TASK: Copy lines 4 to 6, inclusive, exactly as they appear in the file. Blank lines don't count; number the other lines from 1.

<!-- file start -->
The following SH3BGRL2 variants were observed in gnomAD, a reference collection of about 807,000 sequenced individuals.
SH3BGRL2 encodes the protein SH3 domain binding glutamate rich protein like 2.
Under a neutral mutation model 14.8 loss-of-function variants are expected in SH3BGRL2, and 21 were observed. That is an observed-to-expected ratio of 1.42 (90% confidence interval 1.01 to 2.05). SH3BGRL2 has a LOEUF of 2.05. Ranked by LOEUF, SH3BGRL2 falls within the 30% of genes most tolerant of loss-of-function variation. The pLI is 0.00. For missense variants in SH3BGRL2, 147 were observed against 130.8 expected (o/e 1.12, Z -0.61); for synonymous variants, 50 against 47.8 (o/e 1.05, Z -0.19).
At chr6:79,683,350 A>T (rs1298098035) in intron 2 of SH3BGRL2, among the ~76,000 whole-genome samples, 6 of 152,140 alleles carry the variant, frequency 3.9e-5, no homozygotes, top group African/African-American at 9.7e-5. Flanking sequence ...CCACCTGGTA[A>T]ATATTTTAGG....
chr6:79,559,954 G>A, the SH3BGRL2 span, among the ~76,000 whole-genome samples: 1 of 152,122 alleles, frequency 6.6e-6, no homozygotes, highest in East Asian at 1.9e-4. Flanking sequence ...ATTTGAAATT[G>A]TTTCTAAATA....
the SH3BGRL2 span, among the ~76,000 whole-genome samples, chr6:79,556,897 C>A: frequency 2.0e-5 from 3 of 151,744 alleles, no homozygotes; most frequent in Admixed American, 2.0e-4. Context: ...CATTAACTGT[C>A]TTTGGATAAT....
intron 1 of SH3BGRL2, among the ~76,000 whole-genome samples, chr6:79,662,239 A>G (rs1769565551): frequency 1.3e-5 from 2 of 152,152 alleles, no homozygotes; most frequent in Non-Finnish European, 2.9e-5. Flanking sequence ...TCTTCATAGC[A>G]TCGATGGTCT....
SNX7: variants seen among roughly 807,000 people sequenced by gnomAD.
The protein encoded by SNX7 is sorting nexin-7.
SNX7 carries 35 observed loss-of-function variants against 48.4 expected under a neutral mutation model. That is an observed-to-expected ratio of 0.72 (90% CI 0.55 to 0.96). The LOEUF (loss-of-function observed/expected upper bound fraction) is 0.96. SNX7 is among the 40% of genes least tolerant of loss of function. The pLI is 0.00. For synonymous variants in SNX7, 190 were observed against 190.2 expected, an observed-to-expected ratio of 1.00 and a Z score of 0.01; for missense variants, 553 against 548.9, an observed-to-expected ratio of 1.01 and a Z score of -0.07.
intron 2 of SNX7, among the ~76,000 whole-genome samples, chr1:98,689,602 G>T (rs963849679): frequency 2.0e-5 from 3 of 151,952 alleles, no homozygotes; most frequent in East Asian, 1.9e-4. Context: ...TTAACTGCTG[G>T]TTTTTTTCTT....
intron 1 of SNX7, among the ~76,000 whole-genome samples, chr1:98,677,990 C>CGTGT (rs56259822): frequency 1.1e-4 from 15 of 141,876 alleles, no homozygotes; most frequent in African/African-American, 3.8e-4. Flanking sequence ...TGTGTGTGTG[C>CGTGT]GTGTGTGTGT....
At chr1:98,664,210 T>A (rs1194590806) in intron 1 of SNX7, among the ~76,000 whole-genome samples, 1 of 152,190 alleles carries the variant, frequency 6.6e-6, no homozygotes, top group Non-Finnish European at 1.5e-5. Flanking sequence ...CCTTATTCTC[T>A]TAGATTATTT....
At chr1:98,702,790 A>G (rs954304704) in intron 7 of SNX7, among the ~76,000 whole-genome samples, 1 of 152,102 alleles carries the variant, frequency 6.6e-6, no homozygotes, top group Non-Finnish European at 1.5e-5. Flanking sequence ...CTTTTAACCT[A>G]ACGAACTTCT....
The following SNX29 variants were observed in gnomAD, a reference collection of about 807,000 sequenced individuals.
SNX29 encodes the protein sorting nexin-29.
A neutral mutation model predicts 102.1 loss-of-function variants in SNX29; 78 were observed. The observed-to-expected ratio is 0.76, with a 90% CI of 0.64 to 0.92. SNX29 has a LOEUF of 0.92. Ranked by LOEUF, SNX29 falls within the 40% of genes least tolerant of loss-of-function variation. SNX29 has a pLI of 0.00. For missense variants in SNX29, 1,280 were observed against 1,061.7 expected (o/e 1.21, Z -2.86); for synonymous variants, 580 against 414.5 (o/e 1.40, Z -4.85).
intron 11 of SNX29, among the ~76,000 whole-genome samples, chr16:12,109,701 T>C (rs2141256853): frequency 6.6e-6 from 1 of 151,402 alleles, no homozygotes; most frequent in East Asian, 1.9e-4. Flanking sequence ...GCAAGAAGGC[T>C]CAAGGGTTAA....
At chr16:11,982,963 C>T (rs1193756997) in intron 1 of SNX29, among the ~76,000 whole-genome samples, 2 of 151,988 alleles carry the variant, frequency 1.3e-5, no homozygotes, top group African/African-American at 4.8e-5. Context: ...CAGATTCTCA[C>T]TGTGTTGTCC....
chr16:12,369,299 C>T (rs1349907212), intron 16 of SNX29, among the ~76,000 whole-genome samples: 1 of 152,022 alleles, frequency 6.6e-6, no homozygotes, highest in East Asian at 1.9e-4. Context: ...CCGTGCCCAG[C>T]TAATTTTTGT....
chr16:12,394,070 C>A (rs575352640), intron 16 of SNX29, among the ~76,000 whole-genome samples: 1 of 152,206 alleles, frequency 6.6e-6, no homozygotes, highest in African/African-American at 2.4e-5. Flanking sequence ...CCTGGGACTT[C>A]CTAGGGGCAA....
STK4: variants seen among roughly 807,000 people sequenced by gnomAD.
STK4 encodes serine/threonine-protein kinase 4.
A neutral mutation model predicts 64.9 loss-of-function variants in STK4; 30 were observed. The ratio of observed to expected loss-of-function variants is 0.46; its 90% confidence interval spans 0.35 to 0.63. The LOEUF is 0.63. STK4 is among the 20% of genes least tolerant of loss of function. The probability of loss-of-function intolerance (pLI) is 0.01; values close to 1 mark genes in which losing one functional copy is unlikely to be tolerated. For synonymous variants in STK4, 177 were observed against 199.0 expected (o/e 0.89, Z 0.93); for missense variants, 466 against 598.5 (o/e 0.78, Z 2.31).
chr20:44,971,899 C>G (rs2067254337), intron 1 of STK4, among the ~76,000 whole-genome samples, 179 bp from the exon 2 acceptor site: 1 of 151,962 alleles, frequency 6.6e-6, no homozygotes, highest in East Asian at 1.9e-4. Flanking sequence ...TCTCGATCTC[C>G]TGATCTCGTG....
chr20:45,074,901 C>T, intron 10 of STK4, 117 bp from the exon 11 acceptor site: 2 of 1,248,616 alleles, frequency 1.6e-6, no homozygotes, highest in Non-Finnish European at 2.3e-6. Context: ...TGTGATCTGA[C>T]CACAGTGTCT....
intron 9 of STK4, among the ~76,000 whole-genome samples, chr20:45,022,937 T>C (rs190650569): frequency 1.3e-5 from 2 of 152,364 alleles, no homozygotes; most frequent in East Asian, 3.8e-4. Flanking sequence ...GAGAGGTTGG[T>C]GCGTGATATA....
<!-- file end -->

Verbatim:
At chr6:79,683,350 A>T (rs1298098035) in intron 2 of SH3BGRL2, among the ~76,000 whole-genome samples, 6 of 152,140 alleles carry the variant, frequency 3.9e-5, no homozygotes, top group African/African-American at 9.7e-5. Flanking sequence ...CCACCTGGTA[A>T]ATATTTTAGG....
chr6:79,559,954 G>A, the SH3BGRL2 span, among the ~76,000 whole-genome samples: 1 of 152,122 alleles, frequency 6.6e-6, no homozygotes, highest in East Asian at 1.9e-4. Flanking sequence ...ATTTGAAATT[G>A]TTTCTAAATA....
the SH3BGRL2 span, among the ~76,000 whole-genome samples, chr6:79,556,897 C>A: frequency 2.0e-5 from 3 of 151,744 alleles, no homozygotes; most frequent in Admixed American, 2.0e-4. Context: ...CATTAACTGT[C>A]TTTGGATAAT....